Posted by: Frederik Balfour on April 28, 2009
China’s environmental record gets plenty of bad press—-toxic lakes, contaminated rivers, cities enshrouded in a permanent haze of smog—-so here is some good news for a change: the Global Wind Energy Council says that China will add more wind power capacity this year than any other country, including the U.S. It could add 10 gigawatts [10,000 megawatts] of additional capacity this year, while the U.S. will only add 8.5 gigawatts.
That’s a lot of juice, considering that one megawatt can power about 1,000 households in the west, probably a lot more in China, where household power consumption is still quite modest.
This is indeed an important milestone for China’s renewable energy business, especially considering the Middle Kingdom is currently so dependent on coal. About 70% of its power is thermal generated, which is the main reason why China is now the largest source of carbon emissions in the world. But the country saw wind power capacity double last year to 12 GW while the U.S. had about 25 GW of capacity.
Much of China’s new capacity will come from home-grown makers of wind turbines who are gaining market share on industry stalwarts such as Vestas of Denmark, the world’s largest wind turbine maker, and General Electric. Both companies have manufacturing plants in China but their local competitors, Xinjiang Goldwind, Sinovel Wind and Dong Fang Electric are expanding rapidly.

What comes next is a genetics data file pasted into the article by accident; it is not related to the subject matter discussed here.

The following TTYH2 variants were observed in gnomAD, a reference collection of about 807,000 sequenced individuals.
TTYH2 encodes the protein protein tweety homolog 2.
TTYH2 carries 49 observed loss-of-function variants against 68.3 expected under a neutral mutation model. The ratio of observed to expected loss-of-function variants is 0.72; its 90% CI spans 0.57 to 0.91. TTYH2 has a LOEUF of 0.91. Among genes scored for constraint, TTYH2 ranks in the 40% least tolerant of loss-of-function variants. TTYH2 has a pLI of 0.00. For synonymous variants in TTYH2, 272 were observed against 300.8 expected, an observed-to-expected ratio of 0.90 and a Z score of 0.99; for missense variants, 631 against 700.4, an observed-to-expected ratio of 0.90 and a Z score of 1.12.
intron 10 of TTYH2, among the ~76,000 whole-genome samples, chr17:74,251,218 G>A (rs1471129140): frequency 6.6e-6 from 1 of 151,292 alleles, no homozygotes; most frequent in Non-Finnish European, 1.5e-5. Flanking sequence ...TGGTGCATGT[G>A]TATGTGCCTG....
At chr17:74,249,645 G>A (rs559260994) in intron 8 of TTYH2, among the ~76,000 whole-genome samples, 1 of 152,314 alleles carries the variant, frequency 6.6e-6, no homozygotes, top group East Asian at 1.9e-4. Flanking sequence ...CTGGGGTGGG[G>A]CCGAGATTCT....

One challenge for China, however, is that most of its wind energy capacity is located a long way from the source of demand. When I visited a wind farm called Huitengxile in Inner Mongolia, we had to travel two and half hours by car out of the capital, Hohhot, and then make the final sojourn on horseback. An equally windy part of China is the northwest province of Xinjiang, and hence a great place for wind turbines. But it’s about 4000 kilometers away from China’s east coast, where most of the energy demand is.
Still, power companies are bullish on China. China Light & Power, which produces virtually all its power supplied to Hong Kong by burning coal, has finally found green religion. Today after its annual shareholders meeting the company told reporters China was ripe with opportunities for investing in wind power.
BusinessWeek’s team of Asia reporters brings you the latest insights on business, politics, technology and culture from some of the world’s biggest and fastest-growing economies. Eye on Asia’s bloggers include Asia regional editor Bruce Einhorn, Tokyo reporter Ian Rowley, Korea bureau chief Moon Ihlwan, Asia News Editor and China Bureau Chief. Dexter Roberts, and Hong Kong-based Asia correspondent Frederik Balfour.